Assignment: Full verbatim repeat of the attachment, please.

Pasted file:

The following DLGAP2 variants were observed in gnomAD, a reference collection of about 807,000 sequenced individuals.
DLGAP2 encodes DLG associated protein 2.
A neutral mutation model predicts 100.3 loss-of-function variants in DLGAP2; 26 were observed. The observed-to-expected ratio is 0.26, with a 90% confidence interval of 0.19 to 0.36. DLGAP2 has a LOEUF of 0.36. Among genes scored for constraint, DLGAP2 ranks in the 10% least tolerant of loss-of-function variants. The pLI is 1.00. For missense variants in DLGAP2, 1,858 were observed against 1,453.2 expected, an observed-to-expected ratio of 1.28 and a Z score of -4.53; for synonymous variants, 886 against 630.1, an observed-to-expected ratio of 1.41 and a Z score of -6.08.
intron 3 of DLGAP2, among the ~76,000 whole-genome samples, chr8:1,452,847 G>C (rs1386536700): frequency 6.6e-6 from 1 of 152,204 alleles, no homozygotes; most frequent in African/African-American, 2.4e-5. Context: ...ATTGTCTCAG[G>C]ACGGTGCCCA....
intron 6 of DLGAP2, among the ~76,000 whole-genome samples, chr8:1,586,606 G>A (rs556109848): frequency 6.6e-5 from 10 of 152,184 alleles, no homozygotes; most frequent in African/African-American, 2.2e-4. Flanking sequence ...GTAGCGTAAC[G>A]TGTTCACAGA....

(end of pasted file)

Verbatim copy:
The following DLGAP2 variants were observed in gnomAD, a reference collection of about 807,000 sequenced individuals.
DLGAP2 encodes DLG associated protein 2.
A neutral mutation model predicts 100.3 loss-of-function variants in DLGAP2; 26 were observed. The observed-to-expected ratio is 0.26, with a 90% confidence interval of 0.19 to 0.36. DLGAP2 has a LOEUF of 0.36. Among genes scored for constraint, DLGAP2 ranks in the 10% least tolerant of loss-of-function variants. The pLI is 1.00. For missense variants in DLGAP2, 1,858 were observed against 1,453.2 expected, an observed-to-expected ratio of 1.28 and a Z score of -4.53; for synonymous variants, 886 against 630.1, an observed-to-expected ratio of 1.41 and a Z score of -6.08.
intron 3 of DLGAP2, among the ~76,000 whole-genome samples, chr8:1,452,847 G>C (rs1386536700): frequency 6.6e-6 from 1 of 152,204 alleles, no homozygotes; most frequent in African/African-American, 2.4e-5. Context: ...ATTGTCTCAG[G>C]ACGGTGCCCA....
intron 6 of DLGAP2, among the ~76,000 whole-genome samples, chr8:1,586,606 G>A (rs556109848): frequency 6.6e-5 from 10 of 152,184 alleles, no homozygotes; most frequent in African/African-American, 2.2e-4. Flanking sequence ...GTAGCGTAAC[G>A]TGTTCACAGA....